Some Of The Signs That Show That You Need To Change Your Tyres

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Tyres like every other thing in life get weak and require a change because your car takes a beating every time you drive. This isn’t a sign of bad driving most of the time, but rather an inevitable fact of life.

Tyres get old and worn down and because a tyre failure while you’re driving can be catastrophic, causing your car to go out of control or leaving you stranded in the middle of nowhere without any easy way to get home.

As such, it is important to know when your tyres are in bad shape so you can get new ones before something goes wrong. If you have a mechanic look at your car periodically, he or she will probably tell if they need to be changed.

Here are five of the warning signs that indicate you need new tyres.

Reduced Tread depth
One of the foremost indicators that your tyre is now ready to be dumped is when it loses its tread depth. Maintaining the recommended tread depth on your tyre is important because loss of tread depth reduces grip and traction on the roads, and eventually compromises safety while driving.

Keeping a tab on the tread wear indicator which is built into the tyre is a good way to measure the tread depth. These tread wear bars are generally invisible, but can be seen when the tyre has worn down beyond the recommended tread depth.

You can also measure your tyre tread depth by conducting the ‘20p Tyre Tread Depth’ test. When the tread depth is less than 1/16th of an inch, these indicators show up.

When the tread wear bars are visible in two or three different areas on the tyre, especially less than 120 degrees apart on the circumference, it suggests that your tyres need an immediate replacement.

Cracks on the Sidewall
No matter how expensive your tyre is, the day you notice those damaging cracks on the sidewall, you should start thinking of purchasing new tyres.

Cracks on the sidewall occur because over time the oils and chemicals in the rubber compound that keeps the tyre intact, gradually evaporate or break down due to over exposure to UV rays of the sun. With time, the rubber loses its tightness and cracks begin to appear.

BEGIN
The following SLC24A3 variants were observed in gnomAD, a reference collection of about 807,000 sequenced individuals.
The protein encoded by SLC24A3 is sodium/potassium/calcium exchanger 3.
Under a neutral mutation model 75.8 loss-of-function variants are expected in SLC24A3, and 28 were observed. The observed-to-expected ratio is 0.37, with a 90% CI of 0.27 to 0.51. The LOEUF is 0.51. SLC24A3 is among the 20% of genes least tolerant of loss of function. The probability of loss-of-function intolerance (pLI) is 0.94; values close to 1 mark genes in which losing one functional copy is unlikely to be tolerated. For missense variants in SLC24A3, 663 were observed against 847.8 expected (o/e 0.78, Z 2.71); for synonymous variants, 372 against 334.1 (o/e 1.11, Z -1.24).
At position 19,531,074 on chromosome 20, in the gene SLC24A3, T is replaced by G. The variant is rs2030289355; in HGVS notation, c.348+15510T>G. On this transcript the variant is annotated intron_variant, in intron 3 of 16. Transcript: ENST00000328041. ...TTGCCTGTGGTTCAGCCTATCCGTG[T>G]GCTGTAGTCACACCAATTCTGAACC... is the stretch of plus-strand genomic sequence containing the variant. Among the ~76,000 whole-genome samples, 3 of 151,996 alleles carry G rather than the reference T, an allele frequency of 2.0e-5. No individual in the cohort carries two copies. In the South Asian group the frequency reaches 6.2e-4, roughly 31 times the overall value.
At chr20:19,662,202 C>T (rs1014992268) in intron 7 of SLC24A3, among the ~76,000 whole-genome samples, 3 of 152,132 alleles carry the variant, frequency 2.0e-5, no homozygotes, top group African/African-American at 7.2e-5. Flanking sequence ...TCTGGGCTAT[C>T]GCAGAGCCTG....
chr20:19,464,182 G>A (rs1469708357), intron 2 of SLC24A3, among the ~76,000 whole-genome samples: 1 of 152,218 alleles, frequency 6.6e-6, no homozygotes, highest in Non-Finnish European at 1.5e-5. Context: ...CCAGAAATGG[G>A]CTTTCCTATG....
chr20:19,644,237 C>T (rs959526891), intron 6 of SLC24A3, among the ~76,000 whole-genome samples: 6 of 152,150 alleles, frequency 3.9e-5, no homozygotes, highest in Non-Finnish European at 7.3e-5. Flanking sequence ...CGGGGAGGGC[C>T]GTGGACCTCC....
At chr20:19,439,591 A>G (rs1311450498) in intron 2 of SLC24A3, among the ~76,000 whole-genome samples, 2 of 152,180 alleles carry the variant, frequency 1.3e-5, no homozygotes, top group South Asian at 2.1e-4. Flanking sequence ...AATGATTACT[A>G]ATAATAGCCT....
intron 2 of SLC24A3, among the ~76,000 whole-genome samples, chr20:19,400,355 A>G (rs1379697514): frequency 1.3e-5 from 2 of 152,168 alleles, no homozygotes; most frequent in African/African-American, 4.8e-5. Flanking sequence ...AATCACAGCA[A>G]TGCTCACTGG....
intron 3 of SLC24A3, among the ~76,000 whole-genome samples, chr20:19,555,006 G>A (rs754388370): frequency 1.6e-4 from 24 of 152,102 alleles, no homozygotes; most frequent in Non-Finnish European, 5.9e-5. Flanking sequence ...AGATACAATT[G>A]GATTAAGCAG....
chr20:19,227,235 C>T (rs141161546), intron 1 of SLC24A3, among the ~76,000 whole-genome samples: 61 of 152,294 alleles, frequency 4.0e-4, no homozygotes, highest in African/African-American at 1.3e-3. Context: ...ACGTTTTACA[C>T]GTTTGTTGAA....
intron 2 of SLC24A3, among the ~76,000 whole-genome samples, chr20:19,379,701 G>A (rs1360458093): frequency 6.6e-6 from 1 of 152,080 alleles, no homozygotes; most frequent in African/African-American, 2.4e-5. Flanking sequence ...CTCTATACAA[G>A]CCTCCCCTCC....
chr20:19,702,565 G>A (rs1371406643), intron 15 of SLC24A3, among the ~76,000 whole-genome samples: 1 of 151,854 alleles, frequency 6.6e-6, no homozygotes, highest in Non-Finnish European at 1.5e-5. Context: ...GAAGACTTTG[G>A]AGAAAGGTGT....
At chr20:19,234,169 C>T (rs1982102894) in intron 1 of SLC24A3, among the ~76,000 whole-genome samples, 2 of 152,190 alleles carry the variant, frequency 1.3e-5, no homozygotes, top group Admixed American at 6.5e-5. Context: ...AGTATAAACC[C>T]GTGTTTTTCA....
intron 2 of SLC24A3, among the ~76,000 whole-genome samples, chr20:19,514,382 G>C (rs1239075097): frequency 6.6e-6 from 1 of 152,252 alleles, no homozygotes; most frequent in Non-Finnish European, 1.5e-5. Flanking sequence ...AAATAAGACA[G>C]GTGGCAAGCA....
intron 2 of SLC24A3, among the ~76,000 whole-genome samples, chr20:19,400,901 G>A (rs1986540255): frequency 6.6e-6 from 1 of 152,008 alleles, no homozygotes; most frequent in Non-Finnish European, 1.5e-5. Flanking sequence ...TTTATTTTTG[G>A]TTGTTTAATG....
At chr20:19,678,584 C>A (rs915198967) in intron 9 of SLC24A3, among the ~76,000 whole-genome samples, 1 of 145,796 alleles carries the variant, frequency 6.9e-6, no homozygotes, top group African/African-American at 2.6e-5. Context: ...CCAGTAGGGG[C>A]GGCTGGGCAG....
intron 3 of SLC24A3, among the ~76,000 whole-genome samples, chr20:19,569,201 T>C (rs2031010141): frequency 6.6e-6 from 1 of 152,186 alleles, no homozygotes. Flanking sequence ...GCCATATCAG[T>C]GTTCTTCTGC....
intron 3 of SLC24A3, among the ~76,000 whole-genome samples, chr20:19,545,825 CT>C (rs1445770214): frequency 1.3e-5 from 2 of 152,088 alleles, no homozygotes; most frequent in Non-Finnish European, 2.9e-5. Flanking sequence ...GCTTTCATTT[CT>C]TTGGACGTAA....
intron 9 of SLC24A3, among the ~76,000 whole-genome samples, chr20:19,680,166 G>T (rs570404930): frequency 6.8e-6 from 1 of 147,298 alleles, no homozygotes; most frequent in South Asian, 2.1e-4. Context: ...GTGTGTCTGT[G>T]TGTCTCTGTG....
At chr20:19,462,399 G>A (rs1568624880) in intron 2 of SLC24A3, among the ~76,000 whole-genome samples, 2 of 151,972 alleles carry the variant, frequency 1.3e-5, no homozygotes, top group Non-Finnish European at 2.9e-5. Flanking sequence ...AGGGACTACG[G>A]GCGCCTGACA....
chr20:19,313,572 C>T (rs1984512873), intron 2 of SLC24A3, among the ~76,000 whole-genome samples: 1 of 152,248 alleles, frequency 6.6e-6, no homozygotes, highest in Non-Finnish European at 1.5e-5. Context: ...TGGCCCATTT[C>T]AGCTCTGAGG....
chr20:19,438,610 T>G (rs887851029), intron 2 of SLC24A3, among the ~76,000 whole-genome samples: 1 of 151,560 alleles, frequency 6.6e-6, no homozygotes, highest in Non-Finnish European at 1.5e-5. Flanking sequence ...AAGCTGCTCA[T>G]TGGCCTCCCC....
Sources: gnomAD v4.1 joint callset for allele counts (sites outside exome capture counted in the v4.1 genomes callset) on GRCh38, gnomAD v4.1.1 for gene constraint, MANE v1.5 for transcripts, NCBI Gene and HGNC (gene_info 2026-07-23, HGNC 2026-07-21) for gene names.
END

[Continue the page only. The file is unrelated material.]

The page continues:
Cracks on the sidewall indicate that the tread is now drying out and giving way. Driving with cracks on the sidewall could also result in the tread separating mid way or it might result in a possible blowout while on the move.

Blisters and Slits
One sign that your tyre is at the end of its life is when you discover slits, bulges, blisters or even holes on the tyre surface. Slits are dangerous because let the air in the tyre escape, causing the tyre to deflate naturally.

Even if you cannot detect the leaks yourself, but you feel that the tyre is losing air, have a professional have a look at it.

Vibration
When you notice too much vibration in your tyres while driving, it most likely indicates an alignment and/or balancing issue. Excessive tyre vibration can impair driver judgement significantly and cause accidents.

If vibration is left unattended to over a long period, tyres sustain excessive and uneven wear resulting in premature removal. While vibration does not indicate a need to change them, it is best you investigate the source and resolve the matter.

Tyre Age
Ideally, a tyre begins to show signs of serious wear and surface damage after five years. It’s chemical structure begins to deteriorate during this time, which affects the performance of the tyre.

Always check the manufacturing date of tyres when you buy. This date is usually a four digit number written on the sidewall. The first two numbers indicate the week when the tyre was manufactured, while the remaining two digits indicate the year of manufacture.

Checking for these cautionary signs regularly could save you investing extra time and effort in repair, and most importantly could stop a serious accident from occurring.

Sheriff

Sheriff

Normal everyday dude uniquely different in an everyday manner, a young man that strongly believes in the Nigerian project. I'm a mixture of science, arts and politics. I can be engaged on twitter @SheriffSimply

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